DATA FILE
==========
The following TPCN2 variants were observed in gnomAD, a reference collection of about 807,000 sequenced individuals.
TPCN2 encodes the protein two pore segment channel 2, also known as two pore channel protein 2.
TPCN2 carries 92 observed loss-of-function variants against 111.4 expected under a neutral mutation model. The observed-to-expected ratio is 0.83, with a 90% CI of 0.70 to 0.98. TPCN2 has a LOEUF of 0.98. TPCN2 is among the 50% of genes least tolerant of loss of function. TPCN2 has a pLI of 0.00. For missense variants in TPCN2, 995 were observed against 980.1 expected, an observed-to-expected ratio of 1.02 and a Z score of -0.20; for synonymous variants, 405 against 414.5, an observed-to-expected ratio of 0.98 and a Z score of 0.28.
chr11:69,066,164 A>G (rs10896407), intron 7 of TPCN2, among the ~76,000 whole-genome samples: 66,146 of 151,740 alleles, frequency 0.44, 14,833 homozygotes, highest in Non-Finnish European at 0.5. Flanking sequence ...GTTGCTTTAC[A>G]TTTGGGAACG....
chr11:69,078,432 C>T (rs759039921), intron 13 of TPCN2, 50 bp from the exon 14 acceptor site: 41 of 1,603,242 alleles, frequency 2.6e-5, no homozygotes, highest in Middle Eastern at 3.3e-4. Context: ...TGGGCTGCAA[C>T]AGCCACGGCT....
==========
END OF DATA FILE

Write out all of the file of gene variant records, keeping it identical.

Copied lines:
The following TPCN2 variants were observed in gnomAD, a reference collection of about 807,000 sequenced individuals.
TPCN2 encodes the protein two pore segment channel 2, also known as two pore channel protein 2.
TPCN2 carries 92 observed loss-of-function variants against 111.4 expected under a neutral mutation model. The observed-to-expected ratio is 0.83, with a 90% CI of 0.70 to 0.98. TPCN2 has a LOEUF of 0.98. TPCN2 is among the 50% of genes least tolerant of loss of function. TPCN2 has a pLI of 0.00. For missense variants in TPCN2, 995 were observed against 980.1 expected, an observed-to-expected ratio of 1.02 and a Z score of -0.20; for synonymous variants, 405 against 414.5, an observed-to-expected ratio of 0.98 and a Z score of 0.28.
chr11:69,066,164 A>G (rs10896407), intron 7 of TPCN2, among the ~76,000 whole-genome samples: 66,146 of 151,740 alleles, frequency 0.44, 14,833 homozygotes, highest in Non-Finnish European at 0.5. Flanking sequence ...GTTGCTTTAC[A>G]TTTGGGAACG....
chr11:69,078,432 C>T (rs759039921), intron 13 of TPCN2, 50 bp from the exon 14 acceptor site: 41 of 1,603,242 alleles, frequency 2.6e-5, no homozygotes, highest in Middle Eastern at 3.3e-4. Context: ...TGGGCTGCAA[C>T]AGCCACGGCT....